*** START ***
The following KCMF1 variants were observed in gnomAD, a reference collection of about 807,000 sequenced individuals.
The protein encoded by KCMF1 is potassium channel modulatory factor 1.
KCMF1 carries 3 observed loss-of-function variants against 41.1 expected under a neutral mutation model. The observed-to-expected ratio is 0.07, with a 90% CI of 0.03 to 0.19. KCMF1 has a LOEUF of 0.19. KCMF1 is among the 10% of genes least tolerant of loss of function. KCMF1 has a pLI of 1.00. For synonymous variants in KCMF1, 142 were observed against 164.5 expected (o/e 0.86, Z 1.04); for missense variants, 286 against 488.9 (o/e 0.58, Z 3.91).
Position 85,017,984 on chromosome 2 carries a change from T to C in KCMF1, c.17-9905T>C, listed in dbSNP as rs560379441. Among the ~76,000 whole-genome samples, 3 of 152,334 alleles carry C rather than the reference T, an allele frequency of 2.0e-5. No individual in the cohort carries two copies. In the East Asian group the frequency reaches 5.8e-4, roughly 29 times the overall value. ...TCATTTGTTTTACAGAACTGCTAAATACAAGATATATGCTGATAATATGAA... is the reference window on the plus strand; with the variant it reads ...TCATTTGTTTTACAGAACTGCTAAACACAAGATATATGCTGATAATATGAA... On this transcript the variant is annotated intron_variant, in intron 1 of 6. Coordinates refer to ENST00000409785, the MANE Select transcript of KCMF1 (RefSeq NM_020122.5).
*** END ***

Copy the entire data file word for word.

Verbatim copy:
The following KCMF1 variants were observed in gnomAD, a reference collection of about 807,000 sequenced individuals.
The protein encoded by KCMF1 is potassium channel modulatory factor 1.
KCMF1 carries 3 observed loss-of-function variants against 41.1 expected under a neutral mutation model. The observed-to-expected ratio is 0.07, with a 90% CI of 0.03 to 0.19. KCMF1 has a LOEUF of 0.19. KCMF1 is among the 10% of genes least tolerant of loss of function. KCMF1 has a pLI of 1.00. For synonymous variants in KCMF1, 142 were observed against 164.5 expected (o/e 0.86, Z 1.04); for missense variants, 286 against 488.9 (o/e 0.58, Z 3.91).
Position 85,017,984 on chromosome 2 carries a change from T to C in KCMF1, c.17-9905T>C, listed in dbSNP as rs560379441. Among the ~76,000 whole-genome samples, 3 of 152,334 alleles carry C rather than the reference T, an allele frequency of 2.0e-5. No individual in the cohort carries two copies. In the East Asian group the frequency reaches 5.8e-4, roughly 29 times the overall value. ...TCATTTGTTTTACAGAACTGCTAAATACAAGATATATGCTGATAATATGAA... is the reference window on the plus strand; with the variant it reads ...TCATTTGTTTTACAGAACTGCTAAACACAAGATATATGCTGATAATATGAA... On this transcript the variant is annotated intron_variant, in intron 1 of 6. Coordinates refer to ENST00000409785, the MANE Select transcript of KCMF1 (RefSeq NM_020122.5).